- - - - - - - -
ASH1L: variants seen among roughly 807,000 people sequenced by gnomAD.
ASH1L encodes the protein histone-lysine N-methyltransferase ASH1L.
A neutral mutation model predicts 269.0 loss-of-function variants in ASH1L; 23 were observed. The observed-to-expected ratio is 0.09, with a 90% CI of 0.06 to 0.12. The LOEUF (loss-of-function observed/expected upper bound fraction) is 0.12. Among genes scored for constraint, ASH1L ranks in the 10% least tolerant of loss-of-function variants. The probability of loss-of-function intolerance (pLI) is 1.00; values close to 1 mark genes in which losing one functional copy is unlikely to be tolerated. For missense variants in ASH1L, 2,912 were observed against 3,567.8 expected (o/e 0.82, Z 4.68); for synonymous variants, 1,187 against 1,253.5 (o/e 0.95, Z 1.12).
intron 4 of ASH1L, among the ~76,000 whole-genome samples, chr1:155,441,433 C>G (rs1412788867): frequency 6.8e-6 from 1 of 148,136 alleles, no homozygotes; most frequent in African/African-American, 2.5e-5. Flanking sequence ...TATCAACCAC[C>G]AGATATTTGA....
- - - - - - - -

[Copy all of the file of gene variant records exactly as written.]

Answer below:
ASH1L: variants seen among roughly 807,000 people sequenced by gnomAD.
ASH1L encodes the protein histone-lysine N-methyltransferase ASH1L.
A neutral mutation model predicts 269.0 loss-of-function variants in ASH1L; 23 were observed. The observed-to-expected ratio is 0.09, with a 90% CI of 0.06 to 0.12. The LOEUF (loss-of-function observed/expected upper bound fraction) is 0.12. Among genes scored for constraint, ASH1L ranks in the 10% least tolerant of loss-of-function variants. The probability of loss-of-function intolerance (pLI) is 1.00; values close to 1 mark genes in which losing one functional copy is unlikely to be tolerated. For missense variants in ASH1L, 2,912 were observed against 3,567.8 expected (o/e 0.82, Z 4.68); for synonymous variants, 1,187 against 1,253.5 (o/e 0.95, Z 1.12).
intron 4 of ASH1L, among the ~76,000 whole-genome samples, chr1:155,441,433 C>G (rs1412788867): frequency 6.8e-6 from 1 of 148,136 alleles, no homozygotes; most frequent in African/African-American, 2.5e-5. Flanking sequence ...TATCAACCAC[C>G]AGATATTTGA....